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28 February 2014

Hannes Stelzer

Austrian actor Hannes Stelzer (1910-1944) was a popular Ufa hero during the Nazi period. He appeared in 18 films, including five for director Karl Ritter. In military service, the Lufwaffe pilot died at the end of World War II.

Hannes Stelzer
German postcard by Film-Foto-Verlag, no. G 215, 1941-1944. Photo: Baumann.

Handsome Rising Film Star


Hannes Stelzer was born in Graz, Austria in 1910. He was the eldest son of poor, travelling actors. Hannes often had to change schools because of the profession of his parents.

He had his first theatre experience in Mühlhausen in Thuringia, when his mother proposed her son for a children's dance scene in the operetta Die Fledermaus (The Bat). On his own initiative he applied successfully for the Vienna drama school at the age of fourteen. He lived in Vienna at the house of an uncle and earned the money for his studies as a carpenter.

Srelzer made his stage debut as the old Klinkert in Hasemanns Töchter by Adolph L’Arronge, but did it as a volunteer. In 1928 he received his first engagement at the Neues Theater (New Theatre) in Frankfurt am Main, and moved in 1931 to Bremen.

Here Stelzer played Romeo, but he also had parts in modern plays. After three years, Stelzer got an engagement in Darmstadt at the Landestheater (National Theatre), where he could play the great classical roles.

In 1935 he was considered for the role of the young Friedrich (Frederic) in the biopic Der junge und alte König/The Young and the Old King (Hans Steinhoff, 1935) with famous actor-producer Emil Jannings as his father. After first committing to the role, he eventually declined it in order to take up another stage engagement.

However, Emil Jannings was impressed by Stelzer and got him a role as a student of professor Traumulus (Jannings) in the film Traumulus/The Dreamer (Carl Froelich, 1935). Hal Erickson at AllMovie: “Keeping his tendency to overact in check, Emil Jannings delivers one of his best and subtlest performances in this film.”

After that, Stelzer’s activity shifted more and more to the cinema. The handsome rising film star played in comedies, costume dramas, and sophisticated contemporary films and quickly became a popular Ufa star.

Hannes Stelzer
German postcard by Ross-Verlag, no. A 1882/1, 1937-1938 (signed in 1939). Photo: Sandau, Berlin / Tobis.

Hannes Stelzer
German postcard by Ross-Verlag, no. A 3134/1, 1939-1940. Photo: Haenchen / Tobis.

The Idea of a Courageous Hero


Hannes Stelzer’s looks corresponded to the German ideas of a courageous hero and he celebrated great successes as a tightrope walker in Truxa (Hans H. Zerlett, 1936) opposite La Jana, and as Wolfgang Amadeus Mozart in Eine kleine Nachtmusik/A Little Night Music (Leopold Hainisch, 1939).

Jan Onderwater at IMDb is not impressed by his performance in Truxa: “Blond haired Hannes Stelzer is a kind of vaudeville-Siegfried staring as if he is constantly amazed at appearing in this film at all; he was right.”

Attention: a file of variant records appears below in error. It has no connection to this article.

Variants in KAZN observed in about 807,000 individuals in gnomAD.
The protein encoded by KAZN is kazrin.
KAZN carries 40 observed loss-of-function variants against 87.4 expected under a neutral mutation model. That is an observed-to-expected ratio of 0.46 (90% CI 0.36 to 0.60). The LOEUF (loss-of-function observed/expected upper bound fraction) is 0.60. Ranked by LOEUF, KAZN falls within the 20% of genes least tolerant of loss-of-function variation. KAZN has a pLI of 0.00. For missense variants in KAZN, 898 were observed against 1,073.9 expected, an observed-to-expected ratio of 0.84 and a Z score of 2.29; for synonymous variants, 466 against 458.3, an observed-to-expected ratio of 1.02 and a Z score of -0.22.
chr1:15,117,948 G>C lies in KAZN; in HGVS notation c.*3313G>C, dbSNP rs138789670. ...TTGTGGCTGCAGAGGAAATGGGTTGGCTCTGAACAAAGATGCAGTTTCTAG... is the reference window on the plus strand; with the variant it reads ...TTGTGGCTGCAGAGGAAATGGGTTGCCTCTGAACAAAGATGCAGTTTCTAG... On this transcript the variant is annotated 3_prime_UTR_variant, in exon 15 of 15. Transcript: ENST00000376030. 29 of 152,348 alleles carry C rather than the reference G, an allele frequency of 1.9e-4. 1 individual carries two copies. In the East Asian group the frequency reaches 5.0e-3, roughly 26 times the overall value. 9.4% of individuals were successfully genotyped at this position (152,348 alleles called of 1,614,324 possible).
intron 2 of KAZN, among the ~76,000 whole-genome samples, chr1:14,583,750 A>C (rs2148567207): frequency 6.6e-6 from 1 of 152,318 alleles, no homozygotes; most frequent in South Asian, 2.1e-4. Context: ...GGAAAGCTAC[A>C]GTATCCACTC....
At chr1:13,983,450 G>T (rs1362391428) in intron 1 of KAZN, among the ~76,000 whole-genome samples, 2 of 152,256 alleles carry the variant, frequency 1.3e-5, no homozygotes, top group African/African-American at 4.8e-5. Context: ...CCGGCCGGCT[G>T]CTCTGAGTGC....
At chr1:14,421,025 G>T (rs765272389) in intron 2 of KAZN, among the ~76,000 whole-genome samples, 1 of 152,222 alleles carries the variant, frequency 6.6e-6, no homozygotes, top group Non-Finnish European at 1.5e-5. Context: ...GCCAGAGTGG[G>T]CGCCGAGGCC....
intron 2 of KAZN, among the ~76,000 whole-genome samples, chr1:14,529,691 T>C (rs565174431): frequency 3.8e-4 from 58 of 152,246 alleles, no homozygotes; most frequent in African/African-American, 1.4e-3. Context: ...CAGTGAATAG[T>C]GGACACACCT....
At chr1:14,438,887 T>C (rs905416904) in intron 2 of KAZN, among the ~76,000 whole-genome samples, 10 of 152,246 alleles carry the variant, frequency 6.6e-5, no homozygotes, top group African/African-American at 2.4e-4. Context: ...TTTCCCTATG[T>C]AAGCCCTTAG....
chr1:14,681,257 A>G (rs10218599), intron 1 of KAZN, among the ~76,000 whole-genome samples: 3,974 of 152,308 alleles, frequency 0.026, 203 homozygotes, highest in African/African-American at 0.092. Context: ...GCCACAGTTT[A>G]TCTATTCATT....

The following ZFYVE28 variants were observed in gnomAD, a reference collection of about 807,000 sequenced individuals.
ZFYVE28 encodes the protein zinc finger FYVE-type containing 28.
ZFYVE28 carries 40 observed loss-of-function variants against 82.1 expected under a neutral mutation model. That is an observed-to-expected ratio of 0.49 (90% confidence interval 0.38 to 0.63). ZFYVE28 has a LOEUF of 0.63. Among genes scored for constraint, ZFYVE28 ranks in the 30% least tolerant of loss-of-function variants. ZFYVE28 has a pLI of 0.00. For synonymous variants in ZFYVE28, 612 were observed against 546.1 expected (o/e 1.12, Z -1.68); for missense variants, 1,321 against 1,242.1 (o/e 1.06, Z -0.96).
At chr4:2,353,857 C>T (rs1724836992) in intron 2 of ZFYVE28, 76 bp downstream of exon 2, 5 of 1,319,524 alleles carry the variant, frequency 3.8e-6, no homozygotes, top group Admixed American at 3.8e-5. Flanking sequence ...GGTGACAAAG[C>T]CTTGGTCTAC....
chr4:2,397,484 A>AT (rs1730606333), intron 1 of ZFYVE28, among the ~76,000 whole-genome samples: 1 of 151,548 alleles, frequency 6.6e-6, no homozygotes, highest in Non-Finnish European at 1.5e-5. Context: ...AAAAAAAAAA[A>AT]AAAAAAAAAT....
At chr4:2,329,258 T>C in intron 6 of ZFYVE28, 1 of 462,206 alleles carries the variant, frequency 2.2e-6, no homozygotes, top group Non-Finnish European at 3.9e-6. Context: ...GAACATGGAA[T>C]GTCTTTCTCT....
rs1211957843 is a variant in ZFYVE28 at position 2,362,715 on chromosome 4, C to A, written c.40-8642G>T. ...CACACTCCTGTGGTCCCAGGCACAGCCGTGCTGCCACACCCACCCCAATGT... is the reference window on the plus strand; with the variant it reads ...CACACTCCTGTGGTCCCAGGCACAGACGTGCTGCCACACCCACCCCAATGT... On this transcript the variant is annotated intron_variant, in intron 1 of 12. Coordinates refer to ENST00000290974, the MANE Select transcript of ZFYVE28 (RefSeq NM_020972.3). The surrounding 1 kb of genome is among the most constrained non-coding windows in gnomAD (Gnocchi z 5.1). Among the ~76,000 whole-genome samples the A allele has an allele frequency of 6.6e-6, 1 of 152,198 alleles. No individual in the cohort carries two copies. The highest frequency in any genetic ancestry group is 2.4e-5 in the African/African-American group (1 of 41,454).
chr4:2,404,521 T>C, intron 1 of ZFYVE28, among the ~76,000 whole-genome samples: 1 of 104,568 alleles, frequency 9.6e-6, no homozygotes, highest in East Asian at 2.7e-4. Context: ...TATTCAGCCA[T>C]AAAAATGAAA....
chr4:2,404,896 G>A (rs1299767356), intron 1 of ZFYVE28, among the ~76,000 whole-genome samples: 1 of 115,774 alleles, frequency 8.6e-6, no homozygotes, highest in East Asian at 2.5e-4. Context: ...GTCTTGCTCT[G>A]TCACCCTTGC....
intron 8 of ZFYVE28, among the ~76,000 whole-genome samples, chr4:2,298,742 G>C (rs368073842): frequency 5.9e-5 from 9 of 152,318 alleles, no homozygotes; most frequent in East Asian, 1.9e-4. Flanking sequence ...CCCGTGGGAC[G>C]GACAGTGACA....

Other popular films were Der Herrscher/The Ruler (Veit Harlan, 1937) in which he played the son of a great industrialist (again Emil Jannings), the Fyodor Dostoevsky adaptation Der Spieler/The Gambler (Gerhard Lamprecht, 1938) starring Lida Baarová and Albrecht Schoenhals, and in the German version of the French-German circus drama Les gens du voyage/Fahrendes Volk/Travelling People (Jacques Feyder, 1938) in which he played the son of Hans Albers and Françoise Rosay.

With the outbreak of the Second World War, Stelzer could make less films. He was a pilot in Germany's Luftwaffe and between film roles took on combat missions.

Still he played starring roles, such as a Luftwaffe pilot in the propaganda film Stukas (1941). Director of the film was Luftwaffe Major Karl Ritter and the two worked five times together. The first had been the WWI epic Unternehmen Michael/Enterprise Michael (1937), followed by Bal Paré (1940) and Über alles in der Welt (1941).

 Stelzer’s final film role was in Ritter's propaganda film Besatzung Dora/The Crew of the Dora (Karl Ritter, 1943), which finished filming in January 1943. In March of that year the film was banned from being released because scenes shot on the Leningrad front, in North Africa, and in western France could not be used, as German defeats and problems on the war fronts made the film untenable.

Around Christmas 1944, Hannes Stelzer died in a plane crash at the Eastern front near Komárom in Hungary. According to Wehrmacht reports, he crashed when he flew in a snowstorm in a high-voltage line, but probably his plane was shot down by the Soviets.

Hannes Stelzer was married with the actress Maria Bard, who had died shortly before him.

Hannes Stelzer
German postcard by Ross-Verlag, no. A 2696/1, 1939-1940. Photo: Haenchen / Tobis.

Hannes Stelzer
German postcard by Das Programm von Heute, Berlin / Ross-Verlag. Photo: Bavaria-Filmkunst.

Sources: Hal Erickson (AllMovie), Jan Onderwater (IMDb), German Films Poster Collection, Wikipedia (German), and IMDb.

3 comments:

Anonymous said...

Her name is Maria Bard (not mary), and she died some 8 months prior to him, on 24 January 1944 , Potsdam, Germany (suicide),
greetings,
Dimitri@Heverlee-Belgium-EU

Anonymous said...

I stand corrected : there seems to be some disagreement as to the exact date on which and place where she took her own life : Imdb states 24 Jan,Potsdam but the seemingly more authoritative German version of Wikepedia cites Weniger as having mentioned it happened on 8. April 1944, and in Berlin,
greetings,
Dimitri@Heverlee-Belgium-EU

German Films Dot Net said...

http://www.germanfilms.net/hannes-stelzer/